Assessments and care plans for carers of and people with dementia

In the UK, the GP, social care and the community mental health team or Memory Clinic work together to ensure the person with dementia and their carer’s needs are met. This should involve assessments of the person with dementia, which may take place in their home, perhaps by occupational therapists, nurses and/or social workers; they should also offer a separate ‘carer’s assessment’ to see if the carer can be supported in their own right.

Services offered may include aids and adaptations in the home, respite care, home care, ‘meals on wheels’ (regular deliveries of prepared food), day care, residential care and nursing home care. Social services have a duty to arrange to meet the needs that they identify, whether the person is living in their own home, with a relative, or in residential care.

A care plan is written to describe the needs and the way that they are to be met. It should be reviewed regularly, especially when the situation changes. (See Alzheimer’s Society factsheets: Assessment for care and support in England’, ‘Assessment for care and support in Wales’, and ‘NI factsheet: Community care assessment for more details of what is available and how to apply).

The first step in arranging a care plan is to have an assessment carried out. The person’s GP should be involved and will often start this process, and the local social services department will be able to supply details to the family carer about how to apply for an assessment. A carer can also request an assessment directly for the person with dementia, with their consent, and can also request an assessment for themselves for their caring needs.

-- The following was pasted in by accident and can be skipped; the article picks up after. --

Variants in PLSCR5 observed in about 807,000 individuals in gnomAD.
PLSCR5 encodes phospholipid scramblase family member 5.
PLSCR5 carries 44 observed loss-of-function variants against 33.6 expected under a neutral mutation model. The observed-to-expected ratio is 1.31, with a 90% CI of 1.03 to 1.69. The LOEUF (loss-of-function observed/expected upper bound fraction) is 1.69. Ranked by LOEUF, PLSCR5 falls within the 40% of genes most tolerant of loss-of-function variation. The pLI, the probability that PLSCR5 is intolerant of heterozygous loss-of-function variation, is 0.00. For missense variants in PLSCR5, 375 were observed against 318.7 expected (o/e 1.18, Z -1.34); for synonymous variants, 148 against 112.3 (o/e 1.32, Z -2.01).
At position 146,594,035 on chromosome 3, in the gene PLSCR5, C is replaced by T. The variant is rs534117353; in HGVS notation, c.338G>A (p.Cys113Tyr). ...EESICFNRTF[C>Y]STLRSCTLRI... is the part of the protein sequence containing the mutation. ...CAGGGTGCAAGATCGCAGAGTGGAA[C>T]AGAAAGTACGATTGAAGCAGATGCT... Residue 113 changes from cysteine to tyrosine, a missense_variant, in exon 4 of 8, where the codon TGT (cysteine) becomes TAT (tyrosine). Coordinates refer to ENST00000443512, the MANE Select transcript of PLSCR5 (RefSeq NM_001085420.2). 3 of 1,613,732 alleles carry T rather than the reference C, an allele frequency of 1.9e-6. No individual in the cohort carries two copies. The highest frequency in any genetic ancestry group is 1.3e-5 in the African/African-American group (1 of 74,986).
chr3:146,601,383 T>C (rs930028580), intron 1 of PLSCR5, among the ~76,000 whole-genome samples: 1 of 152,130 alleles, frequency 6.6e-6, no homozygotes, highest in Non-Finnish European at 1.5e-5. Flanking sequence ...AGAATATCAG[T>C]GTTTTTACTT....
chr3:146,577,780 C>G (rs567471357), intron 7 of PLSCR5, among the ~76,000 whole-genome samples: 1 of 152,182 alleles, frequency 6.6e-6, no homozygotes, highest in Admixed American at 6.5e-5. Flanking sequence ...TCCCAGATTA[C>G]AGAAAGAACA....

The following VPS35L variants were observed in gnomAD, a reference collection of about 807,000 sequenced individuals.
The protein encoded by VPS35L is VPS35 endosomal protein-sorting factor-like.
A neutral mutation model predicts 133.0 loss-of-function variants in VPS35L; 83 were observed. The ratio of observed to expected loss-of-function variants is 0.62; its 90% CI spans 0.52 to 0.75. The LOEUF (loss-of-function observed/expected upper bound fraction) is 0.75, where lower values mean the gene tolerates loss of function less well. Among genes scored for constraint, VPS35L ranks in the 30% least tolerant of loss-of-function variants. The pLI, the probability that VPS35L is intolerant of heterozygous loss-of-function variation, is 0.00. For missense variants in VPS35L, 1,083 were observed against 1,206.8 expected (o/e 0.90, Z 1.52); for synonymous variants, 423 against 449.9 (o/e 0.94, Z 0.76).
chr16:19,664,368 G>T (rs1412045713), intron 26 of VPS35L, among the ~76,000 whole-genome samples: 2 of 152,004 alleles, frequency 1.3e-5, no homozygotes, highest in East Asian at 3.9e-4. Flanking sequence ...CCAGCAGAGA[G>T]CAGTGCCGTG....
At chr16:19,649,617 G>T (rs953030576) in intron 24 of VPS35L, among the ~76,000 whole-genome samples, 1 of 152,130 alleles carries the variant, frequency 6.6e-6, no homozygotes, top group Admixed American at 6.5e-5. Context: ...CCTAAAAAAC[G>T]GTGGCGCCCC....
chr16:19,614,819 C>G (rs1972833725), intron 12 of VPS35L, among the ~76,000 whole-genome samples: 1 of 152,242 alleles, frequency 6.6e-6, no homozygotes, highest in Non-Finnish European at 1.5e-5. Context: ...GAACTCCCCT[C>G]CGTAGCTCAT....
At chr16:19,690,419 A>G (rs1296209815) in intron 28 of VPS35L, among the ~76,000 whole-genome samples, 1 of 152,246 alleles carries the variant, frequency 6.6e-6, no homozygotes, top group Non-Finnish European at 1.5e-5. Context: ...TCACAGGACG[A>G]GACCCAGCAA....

Having the assessments done can be a rather worrying time for the carer as well as for the patient. However an elderly man commented that he was impressed with the careful and skilled questioning by a geriatrician.

She was surprised how long everything took to arrange, but impressed at the way questions were asked by the geriatrician.

Age at interview 80

Gender Male

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Carers we talked with were often confused about the professional responsibilities of the various health, social service and voluntary sector people who were involved with their relative. People were particularly confused about the responsibilities of hospital social workers, who are not employed by social services, occupational therapists, who sort out adaptations to the home, and about the boundaries between health and social services.

A daughter could not understand why her mother was unable to leave hospital with a supply of continence pads and was expected to wait 6 weeks for a visit from the continence advisor. Many complained that the professionals seemed to assume that they knew how everything worked, yet it was common to feel completely at sea.

Several said they could not believe how slow the system was. Sometimes by the time a solution was found the situation would have changed to the extent that it was no longer applicable, for example an adaptation at home would be offered after the person had gone into residential care.

A woman who had separated from her husband explained that she was content to help with his domestic tasks but felt that he needed some company from other people.

Says that the different responsibilities of professionals are poorly explained and that services can be inefficient.

Age at interview 75

Gender Male

Age at diagnosis 67